The EIA’s, on June 30th, published its Petroleum Supply Monthly. I Think their numbers are just way too high. I compared them with the EIA’s Weekly Petroleum Status Report. The chart below shows the Results.
I averaged the weekly numbers and converted them to monthly data. They were pretty close for the first three months of 2014 but then they begin to diverge. Of course they were much closer earlier but in the Petroleum Supply Monthly has, over several months, been revised upward. The Weekly Petroleum Status Report is never revised.
In April, the Petroleum Supply Monthly shows US C+C production 322,000 barrels per day above the weekly average of the Weekly Petroleum Status Report.
North Dakota publishes monthly ND Historical Barrels of Oil Produced by County. This data however does not include confidential wells. But they do estimate, by county, their confidential well production here: Oil and Gas Production Report
All charts are in barrels per day and are only for the last 16 months in order to get a better and expanded view of what each county is doing.
First a sixteen month view of all North Dakota production. North Dakota production, in April, stood at 1,168,636 bpd. That is 17,631 bpd below their production last September, seven months previous. North Dakota production is down 59,385 bpd since the high reached in December.
This is the first of several posts I will do on Global Collapse. I am not saying, right here anyway, that civilization as we know it will collapse, but I am asking the question: “Can collapse be avoided?” This post will deal with global warming and the associated climate change.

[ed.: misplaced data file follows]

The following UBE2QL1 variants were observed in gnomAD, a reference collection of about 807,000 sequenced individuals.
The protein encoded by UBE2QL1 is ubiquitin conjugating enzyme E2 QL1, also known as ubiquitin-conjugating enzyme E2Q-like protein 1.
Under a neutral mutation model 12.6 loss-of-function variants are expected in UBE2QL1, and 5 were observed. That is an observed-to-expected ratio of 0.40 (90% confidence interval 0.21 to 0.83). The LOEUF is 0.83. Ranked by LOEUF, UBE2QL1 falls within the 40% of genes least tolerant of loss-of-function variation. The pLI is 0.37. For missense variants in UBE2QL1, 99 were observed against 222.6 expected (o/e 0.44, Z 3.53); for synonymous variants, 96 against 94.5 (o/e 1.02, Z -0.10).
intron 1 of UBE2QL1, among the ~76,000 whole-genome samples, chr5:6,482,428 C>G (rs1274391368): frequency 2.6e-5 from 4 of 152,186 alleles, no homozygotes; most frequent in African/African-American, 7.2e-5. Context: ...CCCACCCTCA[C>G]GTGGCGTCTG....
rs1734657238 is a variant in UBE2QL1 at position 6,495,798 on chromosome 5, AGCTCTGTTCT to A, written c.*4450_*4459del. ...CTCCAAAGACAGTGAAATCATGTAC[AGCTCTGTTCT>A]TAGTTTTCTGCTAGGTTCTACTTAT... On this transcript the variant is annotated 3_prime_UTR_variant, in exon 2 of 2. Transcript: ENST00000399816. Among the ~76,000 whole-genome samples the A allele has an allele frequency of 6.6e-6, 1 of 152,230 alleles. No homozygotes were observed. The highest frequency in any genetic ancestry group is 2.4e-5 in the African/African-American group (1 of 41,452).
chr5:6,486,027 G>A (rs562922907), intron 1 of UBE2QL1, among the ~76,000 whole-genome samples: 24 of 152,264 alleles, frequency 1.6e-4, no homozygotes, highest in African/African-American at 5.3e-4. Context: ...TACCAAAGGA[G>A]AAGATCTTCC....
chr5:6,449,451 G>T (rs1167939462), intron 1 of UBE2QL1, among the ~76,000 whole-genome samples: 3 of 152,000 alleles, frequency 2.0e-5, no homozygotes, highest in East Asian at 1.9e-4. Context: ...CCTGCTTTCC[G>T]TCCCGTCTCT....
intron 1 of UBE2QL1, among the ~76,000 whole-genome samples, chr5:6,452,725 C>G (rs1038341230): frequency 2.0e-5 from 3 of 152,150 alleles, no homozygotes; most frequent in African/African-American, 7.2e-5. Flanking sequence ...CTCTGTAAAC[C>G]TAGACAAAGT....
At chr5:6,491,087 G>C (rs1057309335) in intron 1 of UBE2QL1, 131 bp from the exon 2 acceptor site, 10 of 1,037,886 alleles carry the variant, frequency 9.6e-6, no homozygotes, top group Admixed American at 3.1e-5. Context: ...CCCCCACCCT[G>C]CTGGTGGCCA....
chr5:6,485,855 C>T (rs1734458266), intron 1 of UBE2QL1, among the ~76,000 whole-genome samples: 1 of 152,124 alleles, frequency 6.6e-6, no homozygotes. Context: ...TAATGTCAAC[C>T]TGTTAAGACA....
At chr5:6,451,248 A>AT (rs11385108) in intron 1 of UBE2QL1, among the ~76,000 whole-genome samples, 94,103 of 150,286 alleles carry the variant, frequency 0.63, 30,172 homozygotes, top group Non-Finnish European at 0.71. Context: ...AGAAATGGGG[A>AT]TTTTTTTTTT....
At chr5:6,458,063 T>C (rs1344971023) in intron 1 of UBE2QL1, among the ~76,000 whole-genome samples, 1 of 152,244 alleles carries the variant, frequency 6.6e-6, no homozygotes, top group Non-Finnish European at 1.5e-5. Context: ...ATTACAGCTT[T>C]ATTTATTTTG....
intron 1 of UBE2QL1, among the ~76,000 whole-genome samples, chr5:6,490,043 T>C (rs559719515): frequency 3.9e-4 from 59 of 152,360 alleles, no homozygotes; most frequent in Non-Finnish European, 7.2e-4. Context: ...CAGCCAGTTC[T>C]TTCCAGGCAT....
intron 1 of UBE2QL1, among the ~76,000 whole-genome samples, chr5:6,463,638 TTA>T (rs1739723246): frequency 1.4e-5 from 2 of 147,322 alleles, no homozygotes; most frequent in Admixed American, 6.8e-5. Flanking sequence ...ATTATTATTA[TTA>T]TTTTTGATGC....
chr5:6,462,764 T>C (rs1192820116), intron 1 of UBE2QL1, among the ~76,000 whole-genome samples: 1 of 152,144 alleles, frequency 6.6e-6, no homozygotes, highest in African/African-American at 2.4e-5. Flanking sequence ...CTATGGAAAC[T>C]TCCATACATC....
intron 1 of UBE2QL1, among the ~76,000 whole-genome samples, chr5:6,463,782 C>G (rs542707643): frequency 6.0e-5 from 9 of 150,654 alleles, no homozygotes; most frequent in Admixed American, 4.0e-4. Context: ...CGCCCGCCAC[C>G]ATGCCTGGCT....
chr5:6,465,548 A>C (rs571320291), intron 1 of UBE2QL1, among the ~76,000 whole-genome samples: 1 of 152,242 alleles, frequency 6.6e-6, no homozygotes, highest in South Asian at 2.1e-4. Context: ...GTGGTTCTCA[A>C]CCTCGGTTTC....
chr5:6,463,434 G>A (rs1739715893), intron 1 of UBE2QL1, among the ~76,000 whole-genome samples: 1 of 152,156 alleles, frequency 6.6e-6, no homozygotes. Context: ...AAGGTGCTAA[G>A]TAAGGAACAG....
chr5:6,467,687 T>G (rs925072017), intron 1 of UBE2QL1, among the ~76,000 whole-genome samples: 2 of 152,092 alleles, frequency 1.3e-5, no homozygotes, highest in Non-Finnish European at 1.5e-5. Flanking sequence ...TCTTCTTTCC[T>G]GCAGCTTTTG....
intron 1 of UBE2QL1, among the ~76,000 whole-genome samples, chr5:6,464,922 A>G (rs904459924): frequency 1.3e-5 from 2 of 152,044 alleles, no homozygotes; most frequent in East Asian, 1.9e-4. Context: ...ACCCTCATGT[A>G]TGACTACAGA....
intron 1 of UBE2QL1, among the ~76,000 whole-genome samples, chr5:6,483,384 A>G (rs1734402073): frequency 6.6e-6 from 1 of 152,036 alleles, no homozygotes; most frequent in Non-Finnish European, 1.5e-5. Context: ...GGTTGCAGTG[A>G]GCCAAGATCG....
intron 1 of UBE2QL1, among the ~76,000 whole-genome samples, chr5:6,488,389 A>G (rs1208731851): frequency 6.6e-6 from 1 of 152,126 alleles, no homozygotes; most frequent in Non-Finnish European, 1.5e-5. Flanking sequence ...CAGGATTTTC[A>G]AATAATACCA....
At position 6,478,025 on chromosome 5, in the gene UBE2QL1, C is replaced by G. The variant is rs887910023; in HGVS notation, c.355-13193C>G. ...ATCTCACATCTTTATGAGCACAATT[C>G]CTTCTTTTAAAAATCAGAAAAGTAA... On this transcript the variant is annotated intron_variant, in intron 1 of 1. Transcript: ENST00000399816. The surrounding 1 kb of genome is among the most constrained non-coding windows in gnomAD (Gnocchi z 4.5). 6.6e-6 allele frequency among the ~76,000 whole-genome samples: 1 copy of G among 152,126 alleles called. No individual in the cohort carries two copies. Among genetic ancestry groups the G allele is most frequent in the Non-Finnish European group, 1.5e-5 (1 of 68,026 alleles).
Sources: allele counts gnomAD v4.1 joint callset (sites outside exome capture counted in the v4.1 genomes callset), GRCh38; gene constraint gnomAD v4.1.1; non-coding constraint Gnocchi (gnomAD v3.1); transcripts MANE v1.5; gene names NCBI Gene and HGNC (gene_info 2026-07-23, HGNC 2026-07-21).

Right now CO2 is higher than it has been in over 20 million years. But it has been higher, a lot higher.
The chart below was published in the Worldwatch Institute’s State of the World 2015 and the source of their data was Goddard Institute for Space Studies
What this chart clearly shows is that global warming, so far, is primarily a northern hemisphere phenomenon and mostly above 60 degrees latitude.
The Eia has finally updated their International Energy Statistics with data through February 2015. All data in the charts below are Crude + Condensate and is in thousand barrels per day with the last data point February 2015.
World C+C dropped 477,000 bpd in January and another 65,000 bpd in February for a total decline of 542,000 bpd. World C+C stood at 79,160,000 barrels per day in February.
The preliminary Texas RRC Production Data is out this morning. There appears to be a considerable drop in Texas crude oil production in April. All Texas RRC data in the charts below is through April 2015 and all EIA data is through March 2015.
For those new to this site, the Texas RRC data is incomplete. The drooping lines will eventually, after the final data comes in, closer resemble the EIA data. Though I believe the EIA data is quite a bit too high at this point.
It appears that, when the final data comes in that Texas will have took a huge hit in January, recovered somewhat in February and March, then took another hit this past April.